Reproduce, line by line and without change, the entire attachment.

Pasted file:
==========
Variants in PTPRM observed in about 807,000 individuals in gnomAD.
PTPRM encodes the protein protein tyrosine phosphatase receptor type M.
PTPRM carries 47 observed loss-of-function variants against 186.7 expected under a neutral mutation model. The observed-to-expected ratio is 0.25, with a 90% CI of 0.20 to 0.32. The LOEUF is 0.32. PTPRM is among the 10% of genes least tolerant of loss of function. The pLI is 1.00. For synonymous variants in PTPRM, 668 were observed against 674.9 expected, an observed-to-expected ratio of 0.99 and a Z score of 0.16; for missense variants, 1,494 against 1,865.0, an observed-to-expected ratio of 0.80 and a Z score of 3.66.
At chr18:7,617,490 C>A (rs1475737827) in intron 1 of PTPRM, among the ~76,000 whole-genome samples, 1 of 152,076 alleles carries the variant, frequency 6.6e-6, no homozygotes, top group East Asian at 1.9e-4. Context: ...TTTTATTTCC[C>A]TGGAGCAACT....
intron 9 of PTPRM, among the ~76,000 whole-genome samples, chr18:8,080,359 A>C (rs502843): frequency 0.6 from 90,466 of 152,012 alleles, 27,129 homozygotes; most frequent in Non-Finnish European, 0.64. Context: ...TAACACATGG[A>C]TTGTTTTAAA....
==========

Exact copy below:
Variants in PTPRM observed in about 807,000 individuals in gnomAD.
PTPRM encodes the protein protein tyrosine phosphatase receptor type M.
PTPRM carries 47 observed loss-of-function variants against 186.7 expected under a neutral mutation model. The observed-to-expected ratio is 0.25, with a 90% CI of 0.20 to 0.32. The LOEUF is 0.32. PTPRM is among the 10% of genes least tolerant of loss of function. The pLI is 1.00. For synonymous variants in PTPRM, 668 were observed against 674.9 expected, an observed-to-expected ratio of 0.99 and a Z score of 0.16; for missense variants, 1,494 against 1,865.0, an observed-to-expected ratio of 0.80 and a Z score of 3.66.
At chr18:7,617,490 C>A (rs1475737827) in intron 1 of PTPRM, among the ~76,000 whole-genome samples, 1 of 152,076 alleles carries the variant, frequency 6.6e-6, no homozygotes, top group East Asian at 1.9e-4. Context: ...TTTTATTTCC[C>A]TGGAGCAACT....
intron 9 of PTPRM, among the ~76,000 whole-genome samples, chr18:8,080,359 A>C (rs502843): frequency 0.6 from 90,466 of 152,012 alleles, 27,129 homozygotes; most frequent in Non-Finnish European, 0.64. Context: ...TAACACATGG[A>C]TTGTTTTAAA....